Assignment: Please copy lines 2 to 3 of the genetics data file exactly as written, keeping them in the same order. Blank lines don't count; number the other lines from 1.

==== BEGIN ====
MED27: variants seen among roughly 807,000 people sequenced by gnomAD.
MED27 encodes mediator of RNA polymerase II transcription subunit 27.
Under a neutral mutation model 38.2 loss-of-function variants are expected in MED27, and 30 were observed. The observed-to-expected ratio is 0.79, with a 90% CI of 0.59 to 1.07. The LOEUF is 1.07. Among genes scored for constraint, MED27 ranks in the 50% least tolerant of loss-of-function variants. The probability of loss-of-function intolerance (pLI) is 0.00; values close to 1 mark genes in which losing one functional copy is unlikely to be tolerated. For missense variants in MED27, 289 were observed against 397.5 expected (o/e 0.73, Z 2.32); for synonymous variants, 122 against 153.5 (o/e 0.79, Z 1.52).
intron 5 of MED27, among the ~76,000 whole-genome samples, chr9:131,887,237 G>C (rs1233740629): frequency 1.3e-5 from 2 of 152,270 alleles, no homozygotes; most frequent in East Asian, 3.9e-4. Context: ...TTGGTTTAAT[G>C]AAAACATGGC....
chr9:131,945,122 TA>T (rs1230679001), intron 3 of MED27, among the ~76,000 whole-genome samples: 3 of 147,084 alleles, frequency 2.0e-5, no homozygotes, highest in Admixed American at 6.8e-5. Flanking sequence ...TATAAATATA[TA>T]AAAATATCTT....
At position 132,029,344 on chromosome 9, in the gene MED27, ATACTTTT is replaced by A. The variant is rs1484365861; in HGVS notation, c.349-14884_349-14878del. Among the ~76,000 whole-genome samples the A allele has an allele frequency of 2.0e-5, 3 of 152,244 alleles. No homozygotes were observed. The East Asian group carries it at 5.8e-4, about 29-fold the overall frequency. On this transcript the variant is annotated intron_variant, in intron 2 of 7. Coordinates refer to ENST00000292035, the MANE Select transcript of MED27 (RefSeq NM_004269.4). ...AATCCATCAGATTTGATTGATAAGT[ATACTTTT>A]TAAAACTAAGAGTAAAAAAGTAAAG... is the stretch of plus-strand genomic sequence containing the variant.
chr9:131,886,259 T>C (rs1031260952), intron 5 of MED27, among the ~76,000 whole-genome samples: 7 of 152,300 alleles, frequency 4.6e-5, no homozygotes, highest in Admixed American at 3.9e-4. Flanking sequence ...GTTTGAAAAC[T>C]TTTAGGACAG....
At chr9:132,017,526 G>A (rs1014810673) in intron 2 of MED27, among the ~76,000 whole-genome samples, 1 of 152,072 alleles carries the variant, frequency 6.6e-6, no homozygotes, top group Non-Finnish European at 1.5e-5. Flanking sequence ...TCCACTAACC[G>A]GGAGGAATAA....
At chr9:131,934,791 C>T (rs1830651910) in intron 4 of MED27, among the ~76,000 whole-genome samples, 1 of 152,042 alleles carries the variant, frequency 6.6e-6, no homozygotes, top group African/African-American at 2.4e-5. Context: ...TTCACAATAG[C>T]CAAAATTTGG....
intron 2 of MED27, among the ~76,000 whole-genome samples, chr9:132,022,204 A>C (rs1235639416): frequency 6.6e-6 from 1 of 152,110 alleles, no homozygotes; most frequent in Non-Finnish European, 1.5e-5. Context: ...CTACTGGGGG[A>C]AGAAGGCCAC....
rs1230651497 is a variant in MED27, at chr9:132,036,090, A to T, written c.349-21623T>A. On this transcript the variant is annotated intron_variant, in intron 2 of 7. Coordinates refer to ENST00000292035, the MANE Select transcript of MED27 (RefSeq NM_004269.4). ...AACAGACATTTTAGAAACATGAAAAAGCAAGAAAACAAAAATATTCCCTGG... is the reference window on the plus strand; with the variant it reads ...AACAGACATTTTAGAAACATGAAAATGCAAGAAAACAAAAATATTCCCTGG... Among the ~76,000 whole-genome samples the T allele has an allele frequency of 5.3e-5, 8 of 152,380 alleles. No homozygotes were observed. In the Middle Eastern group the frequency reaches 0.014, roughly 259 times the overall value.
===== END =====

MED27 encodes mediator of RNA polymerase II transcription subunit 27.
Under a neutral mutation model 38.2 loss-of-function variants are expected in MED27, and 30 were observed. The observed-to-expected ratio is 0.79, with a 90% CI of 0.59 to 1.07. The LOEUF is 1.07. Among genes scored for constraint, MED27 ranks in the 50% least tolerant of loss-of-function variants. The probability of loss-of-function intolerance (pLI) is 0.00; values close to 1 mark genes in which losing one functional copy is unlikely to be tolerated. For missense variants in MED27, 289 were observed against 397.5 expected (o/e 0.73, Z 2.32); for synonymous variants, 122 against 153.5 (o/e 0.79, Z 1.52).